Arthur Rosen blogs at My Opinion: Thoughts and Comments on General Aviation and he doesn’t hold back on his opinions. He’s a pilot, the AOPA-ASN (Airport Support Network) volunteer for Scottsdale Airport (SDL), past Chairman of the Scottsdale Airport Advisory Commission, he served on the Super Bowl Committee for Aviation, is past President of Arizona Soaring Association, an Aviation Expert for ABC TV-Phoenix, and a retired Judge! We talk with Arthur about flight training and how it has become more about passing the test than learning to fly. Also, local airports and local politics – how residential development is an airport killer. Arthur has strong feelings about user fees, and how they, like land development, destroy aviation. Arthur maintains that people do have an interest in learning to fly, but for many the cost is prohibitive. He has a pretty interesting prediction for small airplanes over the next five or ten years (it isn’t pretty), and he doesn’t buy the airline pilot shortage we hear about. We discuss light sport aircraft and why they haven’t fulfilled the promise of being affordable entry-level airplanes. Also, legacy aircraft and FAA mandated TSO (Technical Service Order) equipment (Max gets confused because TSO means something different to ex-MRO guys), how the iPad is valuable for pilots with Foreflight and WingX dominating the apps market and training through the FAA Acquisition System Toolset (FAST). Find Arthur Rosen on Twitter as @judge613. The week’s aviation news: Business Aviation Safety Seminar: Used Properly, Copious Collected Data Enhances Safety Professionalism has NOTHING to do with the size of the airplane you fly Boeing Takes on the Concorde: The Next Supersonic Jet? X-51A Waverider Achieves Hypersonic Goal On Final Flight The Warp Speed of Today: Boeing’s X-51A WaveRider Boeing 777X could spur mini-jumbo battle with Airbus David Vanderhoof’s Aircraft of the Week: Vultee Vibrator or Valiant BT-13/SNV. Defence Minister, Stephen Smith MP, releasing the 2013 Defence White Paper at Defence Establishment In this week’s Australia Desk: The Australian Government released its latest Defense White Paper this week, outlining updates on planned future equipment acquisitions for the Army, Navy and Air Force. On the aviation side of things, the purchase of 12 EA-18G “Growler” aircraft was announced, and Grant ponders whether this might mean the existing 12 “pre-wired” F18F+ Super Hornets already in the fleet will still be converted – as previously planned – into Growlers, while buying 12 new Super Hornets to replace them. Steve points out that this is far too logical for any government to consider. Additionally, there is speculation that the F-35 order book may be reduced from 100 airframes to 72. Australia’s Attorney General, Mark Dreyfus, was in hot water this week after allegedly refusing to obey the instructions of a Qantas flight crew to turn off his mobile phone. The Federal Police was notified of the incident but were not required to attend the aircraft. Former Qantas executive Rod Sharp took the reins at Tiger Airways this week, continuing the trend of ex-Qantas big wigs being poached away by John Borghetti, the CEO of Virgin Australia – who now own a controlling interest in Tiger, as reported last week. No Speedos were harmed in the production of this segment Links : New build Growlers, renewed commitment to F-35 mark new Defence White Paper Coalition gives differing scorecards for Collins Class subs Police called after Attorney-General Mark Dreyfus fails to turn off his phone on Qantas flight Ex-Qantas exec takes reins at troubled Tiger Airways Find more from Grant and Steve at the Plane Crazy Down Under podcast, and follow the show on Twitter at @pcdu. Steve’s at @stevevisscher and Grant at @falcon124. Australia Desk archives can be found at Commander Ian Sloan at Royal Navy Historic F[...]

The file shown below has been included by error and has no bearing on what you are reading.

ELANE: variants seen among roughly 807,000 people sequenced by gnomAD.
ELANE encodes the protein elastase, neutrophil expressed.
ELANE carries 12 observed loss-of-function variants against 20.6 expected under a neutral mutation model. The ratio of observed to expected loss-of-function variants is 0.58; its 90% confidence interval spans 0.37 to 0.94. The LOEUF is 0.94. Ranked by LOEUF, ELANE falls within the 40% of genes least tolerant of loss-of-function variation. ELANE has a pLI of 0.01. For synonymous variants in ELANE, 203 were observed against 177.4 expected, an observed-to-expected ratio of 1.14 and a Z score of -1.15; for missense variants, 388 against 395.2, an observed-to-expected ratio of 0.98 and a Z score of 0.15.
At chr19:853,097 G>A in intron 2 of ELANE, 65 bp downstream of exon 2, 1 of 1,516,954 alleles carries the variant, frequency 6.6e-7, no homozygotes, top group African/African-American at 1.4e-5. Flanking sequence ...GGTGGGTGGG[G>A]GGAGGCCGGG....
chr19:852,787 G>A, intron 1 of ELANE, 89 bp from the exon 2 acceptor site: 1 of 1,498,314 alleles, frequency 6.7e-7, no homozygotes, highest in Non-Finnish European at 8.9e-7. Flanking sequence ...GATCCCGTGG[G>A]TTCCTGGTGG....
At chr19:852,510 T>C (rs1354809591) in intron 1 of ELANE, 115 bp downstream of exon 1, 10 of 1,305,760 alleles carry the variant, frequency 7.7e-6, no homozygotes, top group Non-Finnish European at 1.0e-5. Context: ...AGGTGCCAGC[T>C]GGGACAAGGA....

Episode 246 – Mary Kirby Knows the Airline Passenger Experience | File Type: audio/mpeg | Duration: 1:42:20